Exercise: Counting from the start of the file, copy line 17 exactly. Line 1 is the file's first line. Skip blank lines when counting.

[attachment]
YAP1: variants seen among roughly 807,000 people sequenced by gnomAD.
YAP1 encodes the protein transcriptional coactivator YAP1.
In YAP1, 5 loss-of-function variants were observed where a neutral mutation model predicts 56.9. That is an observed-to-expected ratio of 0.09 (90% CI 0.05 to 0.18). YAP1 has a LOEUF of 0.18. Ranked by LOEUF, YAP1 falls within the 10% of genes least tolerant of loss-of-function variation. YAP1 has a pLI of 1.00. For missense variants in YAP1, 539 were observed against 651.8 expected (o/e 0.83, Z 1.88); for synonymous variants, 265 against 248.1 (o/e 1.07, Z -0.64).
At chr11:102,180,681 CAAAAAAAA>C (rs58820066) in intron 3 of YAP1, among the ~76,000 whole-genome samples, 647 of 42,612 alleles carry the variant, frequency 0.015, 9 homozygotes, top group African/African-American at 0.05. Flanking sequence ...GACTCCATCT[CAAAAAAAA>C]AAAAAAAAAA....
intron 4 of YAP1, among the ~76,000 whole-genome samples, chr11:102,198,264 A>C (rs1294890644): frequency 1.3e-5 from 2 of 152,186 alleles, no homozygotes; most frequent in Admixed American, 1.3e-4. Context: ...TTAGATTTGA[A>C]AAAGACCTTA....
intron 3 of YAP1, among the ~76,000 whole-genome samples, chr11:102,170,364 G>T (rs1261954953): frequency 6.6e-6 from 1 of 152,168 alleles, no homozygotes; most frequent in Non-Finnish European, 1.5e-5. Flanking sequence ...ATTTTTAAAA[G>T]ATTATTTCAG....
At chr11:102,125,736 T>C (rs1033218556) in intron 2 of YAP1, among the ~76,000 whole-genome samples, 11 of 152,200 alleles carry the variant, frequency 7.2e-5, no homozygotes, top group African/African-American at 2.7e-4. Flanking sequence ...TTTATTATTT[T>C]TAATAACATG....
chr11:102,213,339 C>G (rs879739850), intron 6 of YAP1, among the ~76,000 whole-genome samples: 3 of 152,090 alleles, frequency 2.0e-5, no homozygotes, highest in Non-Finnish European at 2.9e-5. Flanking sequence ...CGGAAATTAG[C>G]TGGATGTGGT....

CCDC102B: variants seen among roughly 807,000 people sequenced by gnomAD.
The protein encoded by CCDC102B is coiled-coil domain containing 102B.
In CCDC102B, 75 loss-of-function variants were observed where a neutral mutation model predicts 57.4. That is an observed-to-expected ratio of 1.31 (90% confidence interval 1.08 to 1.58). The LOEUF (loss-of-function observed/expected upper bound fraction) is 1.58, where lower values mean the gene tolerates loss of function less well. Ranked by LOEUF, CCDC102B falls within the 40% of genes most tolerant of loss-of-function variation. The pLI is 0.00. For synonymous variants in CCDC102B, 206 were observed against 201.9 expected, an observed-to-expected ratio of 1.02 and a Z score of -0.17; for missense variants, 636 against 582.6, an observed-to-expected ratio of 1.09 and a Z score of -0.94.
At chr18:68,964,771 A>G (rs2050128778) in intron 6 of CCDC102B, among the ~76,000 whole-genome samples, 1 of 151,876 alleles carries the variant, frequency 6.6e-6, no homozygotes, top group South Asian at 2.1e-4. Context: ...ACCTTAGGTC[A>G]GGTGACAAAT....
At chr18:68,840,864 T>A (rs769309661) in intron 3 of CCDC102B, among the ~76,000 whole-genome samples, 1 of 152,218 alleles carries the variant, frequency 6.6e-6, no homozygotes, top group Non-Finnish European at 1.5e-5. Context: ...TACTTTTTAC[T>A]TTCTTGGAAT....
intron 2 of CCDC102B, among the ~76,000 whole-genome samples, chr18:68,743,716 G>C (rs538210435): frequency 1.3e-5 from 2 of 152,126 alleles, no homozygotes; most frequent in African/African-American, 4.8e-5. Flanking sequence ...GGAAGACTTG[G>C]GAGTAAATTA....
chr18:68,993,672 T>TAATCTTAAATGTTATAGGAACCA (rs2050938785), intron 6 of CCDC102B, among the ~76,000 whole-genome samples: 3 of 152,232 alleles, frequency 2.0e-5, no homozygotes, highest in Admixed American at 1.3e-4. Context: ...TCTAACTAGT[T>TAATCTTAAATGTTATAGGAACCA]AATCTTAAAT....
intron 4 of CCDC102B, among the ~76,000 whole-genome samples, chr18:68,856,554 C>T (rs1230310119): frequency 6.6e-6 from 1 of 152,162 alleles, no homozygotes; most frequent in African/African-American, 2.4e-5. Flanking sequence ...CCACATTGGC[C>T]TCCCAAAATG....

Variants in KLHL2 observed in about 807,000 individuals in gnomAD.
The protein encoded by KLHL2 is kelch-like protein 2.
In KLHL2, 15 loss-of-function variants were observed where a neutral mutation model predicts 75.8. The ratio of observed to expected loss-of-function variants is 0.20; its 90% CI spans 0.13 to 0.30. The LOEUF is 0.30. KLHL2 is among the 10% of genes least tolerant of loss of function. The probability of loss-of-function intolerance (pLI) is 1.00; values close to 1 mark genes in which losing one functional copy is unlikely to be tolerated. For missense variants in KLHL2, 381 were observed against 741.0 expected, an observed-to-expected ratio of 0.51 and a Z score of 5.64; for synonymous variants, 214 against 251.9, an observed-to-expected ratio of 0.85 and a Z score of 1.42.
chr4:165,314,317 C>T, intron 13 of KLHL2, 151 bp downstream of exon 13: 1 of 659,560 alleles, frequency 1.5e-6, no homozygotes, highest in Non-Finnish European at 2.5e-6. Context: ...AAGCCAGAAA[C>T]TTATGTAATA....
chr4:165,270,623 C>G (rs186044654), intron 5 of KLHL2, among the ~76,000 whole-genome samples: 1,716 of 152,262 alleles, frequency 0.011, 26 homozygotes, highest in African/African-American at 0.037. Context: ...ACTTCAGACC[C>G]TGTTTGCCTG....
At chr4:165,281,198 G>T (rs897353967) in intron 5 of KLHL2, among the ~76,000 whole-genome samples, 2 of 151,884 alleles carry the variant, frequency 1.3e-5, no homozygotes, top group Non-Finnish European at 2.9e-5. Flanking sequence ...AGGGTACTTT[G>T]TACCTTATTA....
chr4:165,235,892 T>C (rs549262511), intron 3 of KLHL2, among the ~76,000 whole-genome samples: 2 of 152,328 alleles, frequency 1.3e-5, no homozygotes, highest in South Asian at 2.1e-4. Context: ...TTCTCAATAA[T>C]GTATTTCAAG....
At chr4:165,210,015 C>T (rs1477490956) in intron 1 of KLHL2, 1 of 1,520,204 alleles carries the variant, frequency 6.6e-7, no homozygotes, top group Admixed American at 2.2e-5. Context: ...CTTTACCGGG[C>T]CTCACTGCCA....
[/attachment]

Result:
Variants in KLHL2 observed in about 807,000 individuals in gnomAD.